Directive Principles of State Policy in the Constitution, recommendations of the Expert Committees, 1986 Educational Policy Document and amendments of the Indian Constitution in 1992 are some of the landmarks in formulation of Educational Policies and implementation strategies. Education Balance-sheet is as under:
|Literacy rate has increased more than three times since independence||India is first in terms of number of total illiterates (30% of the global world)|
|Female literacy increased two and half times faster than male literacy between 1930 and 1995||Female literacy (43%) was 26% below male literacy (69%)
There are 91 million more adult female illiterates than males in India
|Over 182 thousand new Primary schools built between 1970-71 and 1995-96||About 35 million in the 6-10 age groups do not attend primary schools.|
|37% of all primary school children drop out before reaching Grade 5|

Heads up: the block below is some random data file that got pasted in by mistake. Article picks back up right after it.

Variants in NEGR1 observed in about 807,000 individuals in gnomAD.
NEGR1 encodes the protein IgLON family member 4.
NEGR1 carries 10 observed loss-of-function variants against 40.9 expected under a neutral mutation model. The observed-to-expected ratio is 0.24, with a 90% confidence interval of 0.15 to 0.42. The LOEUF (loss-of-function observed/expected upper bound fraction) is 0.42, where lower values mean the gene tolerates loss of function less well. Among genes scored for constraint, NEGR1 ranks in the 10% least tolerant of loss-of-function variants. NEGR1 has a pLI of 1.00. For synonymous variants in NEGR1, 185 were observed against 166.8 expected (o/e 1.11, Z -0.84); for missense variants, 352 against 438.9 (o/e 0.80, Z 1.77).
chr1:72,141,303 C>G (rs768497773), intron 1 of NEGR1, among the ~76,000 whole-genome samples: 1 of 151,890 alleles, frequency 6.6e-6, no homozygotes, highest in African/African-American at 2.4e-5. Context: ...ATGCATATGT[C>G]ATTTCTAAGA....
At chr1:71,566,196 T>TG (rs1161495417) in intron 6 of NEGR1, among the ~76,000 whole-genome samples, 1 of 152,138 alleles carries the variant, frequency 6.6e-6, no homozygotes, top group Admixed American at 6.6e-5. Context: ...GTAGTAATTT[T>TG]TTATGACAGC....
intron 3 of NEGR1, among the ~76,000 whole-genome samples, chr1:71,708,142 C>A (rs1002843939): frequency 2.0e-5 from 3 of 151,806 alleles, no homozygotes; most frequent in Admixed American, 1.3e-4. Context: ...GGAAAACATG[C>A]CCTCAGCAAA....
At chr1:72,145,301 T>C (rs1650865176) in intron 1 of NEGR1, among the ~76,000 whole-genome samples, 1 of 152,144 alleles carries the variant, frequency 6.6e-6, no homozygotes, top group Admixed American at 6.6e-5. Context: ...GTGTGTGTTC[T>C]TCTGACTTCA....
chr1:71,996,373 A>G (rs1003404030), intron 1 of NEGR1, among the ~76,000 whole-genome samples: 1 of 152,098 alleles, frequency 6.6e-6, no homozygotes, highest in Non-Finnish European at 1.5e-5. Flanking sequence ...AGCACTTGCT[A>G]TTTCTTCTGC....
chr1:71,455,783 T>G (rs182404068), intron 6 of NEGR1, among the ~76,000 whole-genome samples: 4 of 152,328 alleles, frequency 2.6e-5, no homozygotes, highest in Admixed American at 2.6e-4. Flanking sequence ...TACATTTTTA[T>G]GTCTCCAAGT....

|Expenditure on Education as % of GNP increased by six times from 0.7% in 1951-52 to almost 4% in 1993-94||The amount allocated to elementary education declined from 56% in First Plan (1951-56) to 29% in Seventh Plan (1983-90).|
Enrolment and Attendance in Select States (Table 2)
|State||Primary gross enrol- ment rate (%)||Children aged 6-10 in school (%)|
a. About three-quarters of out-of-school children live in six states – Andhra Pradesh, Bihar, Madhya Pradesh, Rajasthan, Uttar Pradesh, and West Bengal.
b. Gender disparity is as high as 42 percentage points for enrolment rates in Bihar and 31 in Uttar Pradesh, but is only 3 percentage points in Kerala and 5 in the Punjab. While Bihar has a female literacy rate of only 29 per cent, Kerala can boast rate of 82 per cent.
c. Participation rate from standard 6 to 8 in Bihar is 34.8% the lowest among all states (National Source)
d. Key Educational Challenges are: